Advertisement

Demography

, Volume 47, Issue 2, pp 481–502 | Cite as

Educational assortative mating and economic inequality: A comparative analysis of three Latin American countries

  • Florencia TorcheEmail author
Article

Abstract

Educational assortative mating and economic inequality are likely to be endogenously determined, but very little research exists on their empirical association. Using census data and log-linear and log-multiplicative methods, I compare the patterns of educational assortative mating in Brazil, Chile, and Mexico, and explore the association between marital sorting and earnings inequality across countries. The analysis finds substantial variation in the strength of specific barriers to educational intermarriage between countries, and a close association between these barriers and the earnings gaps across educational categories within countries. This finding suggests an isomorphism between assortative mating and economic inequality. Furthermore, educational marital sorting is remarkably symmetric across gender in spite of the different resources that men and women bring to the union. This study highlights the limitations of using single aggregate measures of spousal educational resemblance (such as the correlation coefficient between spouses’ schooling) to capture variation in assortative mating and its relationship with socioeconomic inequality.

Keywords

Latin American Country Assortative Mating Economic Inequality Marriage Market Educational Group 
These keywords were added by machine and not by the authors. This process is experimental and the keywords may be updated as the learning algorithm improves.

Preview

Unable to display preview. Download preview PDF.

Unable to display preview. Download preview PDF.

References

  1. Atkinson, A. 2007. “The Distribution of Earnings in OECD Countries.” International Labour Review 146(1–2): 41–60.Google Scholar
  2. Bjorvatn, K. and A.W. Cappelen. 2003. “Inequality, Segregation and Redistribution.” Journal of Public Economics 87: 1657–79.CrossRefGoogle Scholar
  3. Blackwell, D. and D. Lichter 2000. “Mate Selection Among Married and Cohabiting Couples.” Journal of Family Issues 21: 275–302.CrossRefGoogle Scholar
  4. —. 2004. “Homogamy Among Dating, Cohabiting, and Married Couples.” Sociological Quarterly 45: 719–37.CrossRefGoogle Scholar
  5. Blau, P. and J. Schwartz. 1984. Crosscutting Social Circles. London: Academic Press.Google Scholar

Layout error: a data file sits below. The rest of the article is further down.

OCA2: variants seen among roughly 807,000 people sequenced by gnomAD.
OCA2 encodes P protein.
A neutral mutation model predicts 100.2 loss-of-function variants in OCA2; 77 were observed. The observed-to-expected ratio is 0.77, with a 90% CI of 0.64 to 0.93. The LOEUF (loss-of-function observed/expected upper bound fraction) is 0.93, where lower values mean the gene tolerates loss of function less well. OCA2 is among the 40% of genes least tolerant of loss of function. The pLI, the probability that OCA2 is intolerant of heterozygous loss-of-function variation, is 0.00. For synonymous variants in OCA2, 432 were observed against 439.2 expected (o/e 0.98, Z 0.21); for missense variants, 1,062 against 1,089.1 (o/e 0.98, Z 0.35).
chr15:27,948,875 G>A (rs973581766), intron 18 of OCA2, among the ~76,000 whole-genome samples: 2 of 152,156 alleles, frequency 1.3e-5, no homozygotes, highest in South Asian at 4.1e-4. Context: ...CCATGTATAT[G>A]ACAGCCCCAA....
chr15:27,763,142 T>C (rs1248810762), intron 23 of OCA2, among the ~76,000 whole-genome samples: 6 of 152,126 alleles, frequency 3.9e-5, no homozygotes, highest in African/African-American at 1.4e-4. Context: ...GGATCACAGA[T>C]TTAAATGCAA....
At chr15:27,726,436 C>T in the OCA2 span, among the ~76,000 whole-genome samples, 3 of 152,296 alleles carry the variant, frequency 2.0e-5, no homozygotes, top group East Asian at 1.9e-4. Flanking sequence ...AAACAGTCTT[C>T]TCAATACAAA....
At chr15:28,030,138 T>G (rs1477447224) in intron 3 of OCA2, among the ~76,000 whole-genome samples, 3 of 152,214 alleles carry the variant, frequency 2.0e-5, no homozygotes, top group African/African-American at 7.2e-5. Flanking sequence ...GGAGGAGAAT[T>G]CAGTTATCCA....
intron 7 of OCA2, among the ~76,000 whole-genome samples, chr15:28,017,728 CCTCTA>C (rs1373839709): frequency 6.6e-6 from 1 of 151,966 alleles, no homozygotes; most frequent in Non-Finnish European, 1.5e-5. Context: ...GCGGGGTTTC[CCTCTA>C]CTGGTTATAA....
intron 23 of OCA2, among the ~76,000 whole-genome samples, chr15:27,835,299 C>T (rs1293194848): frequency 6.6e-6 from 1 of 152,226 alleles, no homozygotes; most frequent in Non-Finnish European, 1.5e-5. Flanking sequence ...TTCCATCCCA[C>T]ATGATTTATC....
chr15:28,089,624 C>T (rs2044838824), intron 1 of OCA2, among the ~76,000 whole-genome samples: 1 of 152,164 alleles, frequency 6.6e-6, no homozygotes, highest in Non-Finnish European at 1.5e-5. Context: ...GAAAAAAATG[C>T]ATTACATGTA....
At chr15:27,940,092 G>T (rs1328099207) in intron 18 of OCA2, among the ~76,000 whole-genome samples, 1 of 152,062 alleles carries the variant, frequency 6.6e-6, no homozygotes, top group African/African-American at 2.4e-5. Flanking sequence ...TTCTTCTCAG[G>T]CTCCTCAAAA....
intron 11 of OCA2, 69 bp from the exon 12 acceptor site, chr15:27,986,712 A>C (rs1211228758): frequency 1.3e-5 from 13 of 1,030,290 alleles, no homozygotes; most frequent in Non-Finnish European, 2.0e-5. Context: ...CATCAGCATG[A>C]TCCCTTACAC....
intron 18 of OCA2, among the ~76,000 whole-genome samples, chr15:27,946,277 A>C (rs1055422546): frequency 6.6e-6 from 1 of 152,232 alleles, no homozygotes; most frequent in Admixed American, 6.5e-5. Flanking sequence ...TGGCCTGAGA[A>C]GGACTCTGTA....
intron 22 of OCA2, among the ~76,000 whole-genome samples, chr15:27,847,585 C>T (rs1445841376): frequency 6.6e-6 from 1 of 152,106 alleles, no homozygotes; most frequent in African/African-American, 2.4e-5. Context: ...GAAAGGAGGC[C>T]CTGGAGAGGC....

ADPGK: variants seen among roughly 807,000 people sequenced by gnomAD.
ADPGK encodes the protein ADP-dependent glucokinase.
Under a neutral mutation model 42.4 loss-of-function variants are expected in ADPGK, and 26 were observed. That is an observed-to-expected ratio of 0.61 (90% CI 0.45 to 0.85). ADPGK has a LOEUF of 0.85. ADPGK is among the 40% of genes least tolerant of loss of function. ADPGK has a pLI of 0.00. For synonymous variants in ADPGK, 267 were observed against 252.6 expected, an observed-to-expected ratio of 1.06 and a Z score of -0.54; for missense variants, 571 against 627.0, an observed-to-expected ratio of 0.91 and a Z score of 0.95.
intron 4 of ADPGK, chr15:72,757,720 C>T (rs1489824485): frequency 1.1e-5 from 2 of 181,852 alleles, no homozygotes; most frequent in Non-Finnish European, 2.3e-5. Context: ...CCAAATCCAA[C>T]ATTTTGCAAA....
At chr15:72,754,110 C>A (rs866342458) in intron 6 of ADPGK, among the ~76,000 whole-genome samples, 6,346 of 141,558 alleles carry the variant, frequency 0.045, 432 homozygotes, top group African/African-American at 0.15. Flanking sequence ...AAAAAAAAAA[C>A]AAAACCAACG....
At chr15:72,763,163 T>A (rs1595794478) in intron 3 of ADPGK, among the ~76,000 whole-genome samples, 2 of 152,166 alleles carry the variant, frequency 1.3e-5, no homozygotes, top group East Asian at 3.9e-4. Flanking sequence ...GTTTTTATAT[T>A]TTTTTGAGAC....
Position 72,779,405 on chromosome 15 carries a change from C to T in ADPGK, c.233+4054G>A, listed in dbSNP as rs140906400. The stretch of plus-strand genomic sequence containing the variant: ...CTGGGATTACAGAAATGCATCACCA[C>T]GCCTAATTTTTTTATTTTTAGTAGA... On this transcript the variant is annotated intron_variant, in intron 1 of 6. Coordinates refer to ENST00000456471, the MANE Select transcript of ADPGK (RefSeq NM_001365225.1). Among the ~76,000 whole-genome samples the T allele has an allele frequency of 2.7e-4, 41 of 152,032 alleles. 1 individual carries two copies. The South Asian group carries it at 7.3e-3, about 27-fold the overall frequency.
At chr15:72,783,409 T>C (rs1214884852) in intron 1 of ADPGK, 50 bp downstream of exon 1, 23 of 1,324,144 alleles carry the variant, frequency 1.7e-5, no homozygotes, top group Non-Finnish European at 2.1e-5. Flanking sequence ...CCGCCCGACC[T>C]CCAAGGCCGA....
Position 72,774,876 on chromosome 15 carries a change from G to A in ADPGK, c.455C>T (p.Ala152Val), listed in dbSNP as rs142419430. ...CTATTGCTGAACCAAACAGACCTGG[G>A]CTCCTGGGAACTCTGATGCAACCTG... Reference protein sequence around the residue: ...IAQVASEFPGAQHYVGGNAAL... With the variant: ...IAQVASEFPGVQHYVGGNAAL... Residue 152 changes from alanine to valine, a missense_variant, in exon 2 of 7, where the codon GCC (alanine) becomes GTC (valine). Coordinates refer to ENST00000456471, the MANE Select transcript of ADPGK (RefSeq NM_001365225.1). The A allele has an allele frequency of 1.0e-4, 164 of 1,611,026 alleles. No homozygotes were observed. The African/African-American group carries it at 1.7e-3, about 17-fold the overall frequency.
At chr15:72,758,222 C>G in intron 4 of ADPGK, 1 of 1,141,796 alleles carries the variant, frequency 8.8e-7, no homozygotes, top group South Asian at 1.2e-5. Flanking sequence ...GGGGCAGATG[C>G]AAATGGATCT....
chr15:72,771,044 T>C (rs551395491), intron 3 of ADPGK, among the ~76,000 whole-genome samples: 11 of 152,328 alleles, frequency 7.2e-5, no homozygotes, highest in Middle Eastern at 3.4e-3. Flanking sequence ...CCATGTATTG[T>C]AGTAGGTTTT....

6. Blossfeld, H.P. and A. Timm. 2003. Who Marries Whom? Educational Systems as Marriage Markets in Modern Societies. The Hague, Netherlands: Kluwer Academic Publishers.Google Scholar
  7. Bourdieu, P. 1984. Distinction: A Social Critique of the Judgment of Taste. Cambridge: Harvard University Press.Google Scholar
  8. Bratsberg, B., K. Røed, O. Raaum, R. Naylor, M. Jantti, T. Eriksson, and E. Osterbacka. 2007. “Nonlinearities In Intergenerational Earnings Mobility: Consequences for Cross-Country Comparisons.” The Economic Journal 117: C72-C92.CrossRefGoogle Scholar
  9. Breen, R. and L. Salazar. 2009. “Educational Assortative Mating and Earnings Inequality in the US.” Working paper. Sociology Department, Yale University.Google Scholar
  10. Burtless, G. 1999. “Effects of Growing Wage Disparities and Changing Family Composition on the U.S. Income Distribution.” European Economic Review 43(4–6): 853–65.CrossRefGoogle Scholar
  11. Byrne, D. 1971. The Attraction Paradigm. New York: Academic Press.Google Scholar
  12. Castro, T. 2002. “Consensual Unions in Latin America: Persistence of a Dual Nuptiality System.” Journal of Comparative Family Studies 33(1): 35–55.Google Scholar
  13. Chadwick, L. and G. Solon. 2002. “Intergenerational Income Mobility Among Daughters.” American Economic Review 92: 335–44.CrossRefGoogle Scholar
  14. Dahan, M. and A. Gaviria. 2001. “Sibling Correlations and Intergenerational Mobility in Latin America.” Economic Development and Cultural Change 49: 537–54.CrossRefGoogle Scholar
  15. De Ferranti, D., G. Perry, F. Ferreira and M. Walton. 2004. Inequality in Latin America. Breaking With History? Washington, DC: World Bank.CrossRefGoogle Scholar